Stroke treatment guidelines issued by the American Heart Association and the American Stroke Association strongly endorse T.P.A. for patients after they’ve been properly evaluated. But treatment must start within three hours (in some cases, four(p. D4)-and-a-half hours) of the stroke’s onset, and the sooner, the better.
A number of medical societies also endorse the treatment as highly effective in reducing disability. The drug can cause or exacerbate cerebral hemorrhage, or bleeding in the brain — a real risk. But in most stroke patients it prevents brain injury, and in any event, rates of cerebral hemorrhage have declined as doctors have gained experience over the years.
. . .
About a decade ago, Dr. Lewandowski was at work when he got a call that his father had had a stroke — his right side was paralyzed. But his father had gotten to the hospital within 45 minutes, well inside the window to receive T.P.A.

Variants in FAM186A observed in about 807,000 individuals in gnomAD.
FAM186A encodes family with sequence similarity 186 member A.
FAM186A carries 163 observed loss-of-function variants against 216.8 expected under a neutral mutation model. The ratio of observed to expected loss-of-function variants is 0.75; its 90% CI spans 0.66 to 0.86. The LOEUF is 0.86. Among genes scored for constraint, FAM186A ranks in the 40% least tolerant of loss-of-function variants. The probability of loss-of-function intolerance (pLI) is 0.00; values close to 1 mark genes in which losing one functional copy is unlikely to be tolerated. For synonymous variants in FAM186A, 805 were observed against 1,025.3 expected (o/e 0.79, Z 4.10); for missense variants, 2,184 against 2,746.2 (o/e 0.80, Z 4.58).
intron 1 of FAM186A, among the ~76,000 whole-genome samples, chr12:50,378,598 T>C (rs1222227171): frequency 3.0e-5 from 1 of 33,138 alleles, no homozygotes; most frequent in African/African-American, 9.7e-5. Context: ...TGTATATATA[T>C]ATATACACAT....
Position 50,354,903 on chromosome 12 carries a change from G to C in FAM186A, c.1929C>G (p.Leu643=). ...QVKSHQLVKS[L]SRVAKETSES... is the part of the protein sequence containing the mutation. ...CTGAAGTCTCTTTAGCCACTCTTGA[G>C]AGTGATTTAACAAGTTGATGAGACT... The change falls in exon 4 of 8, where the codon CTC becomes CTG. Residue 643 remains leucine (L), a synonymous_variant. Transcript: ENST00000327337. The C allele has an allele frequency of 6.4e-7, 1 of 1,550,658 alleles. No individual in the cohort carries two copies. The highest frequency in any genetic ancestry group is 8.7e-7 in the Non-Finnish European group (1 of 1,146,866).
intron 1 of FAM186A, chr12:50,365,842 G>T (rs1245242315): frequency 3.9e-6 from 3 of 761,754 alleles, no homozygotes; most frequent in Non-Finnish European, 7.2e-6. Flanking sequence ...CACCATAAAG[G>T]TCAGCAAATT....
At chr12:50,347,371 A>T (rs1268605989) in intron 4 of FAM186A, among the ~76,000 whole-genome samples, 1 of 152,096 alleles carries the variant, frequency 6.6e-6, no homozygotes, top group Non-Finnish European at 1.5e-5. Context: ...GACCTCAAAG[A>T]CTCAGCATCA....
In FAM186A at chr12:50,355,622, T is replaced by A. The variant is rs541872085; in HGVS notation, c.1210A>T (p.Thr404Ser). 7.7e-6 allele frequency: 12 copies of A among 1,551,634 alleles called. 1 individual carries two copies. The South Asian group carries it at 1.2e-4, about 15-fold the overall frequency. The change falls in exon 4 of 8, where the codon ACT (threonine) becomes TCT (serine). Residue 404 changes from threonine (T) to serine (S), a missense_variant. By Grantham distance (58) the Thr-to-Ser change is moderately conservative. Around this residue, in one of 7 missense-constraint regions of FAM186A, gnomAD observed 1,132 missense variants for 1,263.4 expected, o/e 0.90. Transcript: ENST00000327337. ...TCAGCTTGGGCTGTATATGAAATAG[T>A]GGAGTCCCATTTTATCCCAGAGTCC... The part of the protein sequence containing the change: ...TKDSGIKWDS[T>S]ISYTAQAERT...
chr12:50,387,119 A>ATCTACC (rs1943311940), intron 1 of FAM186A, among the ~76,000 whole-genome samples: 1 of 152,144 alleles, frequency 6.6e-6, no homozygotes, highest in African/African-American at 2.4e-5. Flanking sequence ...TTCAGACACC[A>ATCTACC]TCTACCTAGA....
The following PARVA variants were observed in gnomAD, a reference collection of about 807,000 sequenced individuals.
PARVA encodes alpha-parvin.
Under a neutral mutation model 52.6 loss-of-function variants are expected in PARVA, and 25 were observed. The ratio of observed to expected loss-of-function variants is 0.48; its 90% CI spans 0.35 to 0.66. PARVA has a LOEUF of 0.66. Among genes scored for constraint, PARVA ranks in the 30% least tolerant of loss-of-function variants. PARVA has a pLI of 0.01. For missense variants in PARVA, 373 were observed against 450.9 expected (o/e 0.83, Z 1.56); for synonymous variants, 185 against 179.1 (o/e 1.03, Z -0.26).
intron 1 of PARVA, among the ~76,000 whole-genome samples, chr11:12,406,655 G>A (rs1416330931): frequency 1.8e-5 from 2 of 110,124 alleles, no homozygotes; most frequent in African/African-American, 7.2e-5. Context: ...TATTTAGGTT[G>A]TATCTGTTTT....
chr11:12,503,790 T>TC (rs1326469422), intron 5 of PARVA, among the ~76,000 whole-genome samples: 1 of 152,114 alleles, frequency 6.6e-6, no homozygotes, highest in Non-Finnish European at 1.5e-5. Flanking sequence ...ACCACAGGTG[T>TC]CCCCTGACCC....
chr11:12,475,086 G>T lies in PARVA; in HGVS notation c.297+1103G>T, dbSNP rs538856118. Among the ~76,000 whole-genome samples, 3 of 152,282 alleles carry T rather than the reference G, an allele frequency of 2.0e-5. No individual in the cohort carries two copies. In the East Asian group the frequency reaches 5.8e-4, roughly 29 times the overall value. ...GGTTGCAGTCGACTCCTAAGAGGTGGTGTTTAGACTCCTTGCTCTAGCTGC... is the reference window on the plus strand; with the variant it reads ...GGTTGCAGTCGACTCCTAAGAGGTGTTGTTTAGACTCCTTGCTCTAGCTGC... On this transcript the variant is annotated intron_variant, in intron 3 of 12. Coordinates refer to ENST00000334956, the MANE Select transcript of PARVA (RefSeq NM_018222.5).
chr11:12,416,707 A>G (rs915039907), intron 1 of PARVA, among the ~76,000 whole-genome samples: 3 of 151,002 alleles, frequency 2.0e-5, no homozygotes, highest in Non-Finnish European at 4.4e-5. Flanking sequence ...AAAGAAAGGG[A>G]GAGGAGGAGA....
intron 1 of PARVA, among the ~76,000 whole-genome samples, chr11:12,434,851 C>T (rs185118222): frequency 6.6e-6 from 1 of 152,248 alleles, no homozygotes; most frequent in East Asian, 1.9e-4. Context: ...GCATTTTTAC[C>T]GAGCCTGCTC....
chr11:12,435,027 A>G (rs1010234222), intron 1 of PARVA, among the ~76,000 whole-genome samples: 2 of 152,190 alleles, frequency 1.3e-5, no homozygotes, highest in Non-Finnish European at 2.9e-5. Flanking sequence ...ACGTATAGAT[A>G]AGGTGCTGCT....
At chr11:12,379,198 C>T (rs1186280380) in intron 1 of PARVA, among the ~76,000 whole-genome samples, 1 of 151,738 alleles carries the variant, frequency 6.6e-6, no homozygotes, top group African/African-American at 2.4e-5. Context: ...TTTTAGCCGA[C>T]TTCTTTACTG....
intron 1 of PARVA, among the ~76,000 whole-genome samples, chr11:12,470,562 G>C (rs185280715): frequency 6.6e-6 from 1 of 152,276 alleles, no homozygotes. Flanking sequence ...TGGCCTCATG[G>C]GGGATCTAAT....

Dr. Lewandowski told his mother to make the family’s wishes very clear. They wanted the emergency room doctor to give the clot-buster to his dad. The doctor refused.
“He told my mom that he doesn’t believe in the drug and he is not giving it. He doesn’t care who I am,” Dr. Lewandowski said.
“I got in my car and drove 400 miles to the hospital,” he recalled. But by the time he got there, it was too late. The treatment window had closed.
His father had a facial droop and slurred speech. His right arm and right leg flopped about uselessly. His stroke scale was 7, moderately disabling, but he survived for a few more years.
“It was very difficult for me personally,” Dr. Lewandowski recalled. “I had spent so much of my professional life working on this treatment. It actually worked.”
“I felt like I had let my dad down.”

For the full story, see: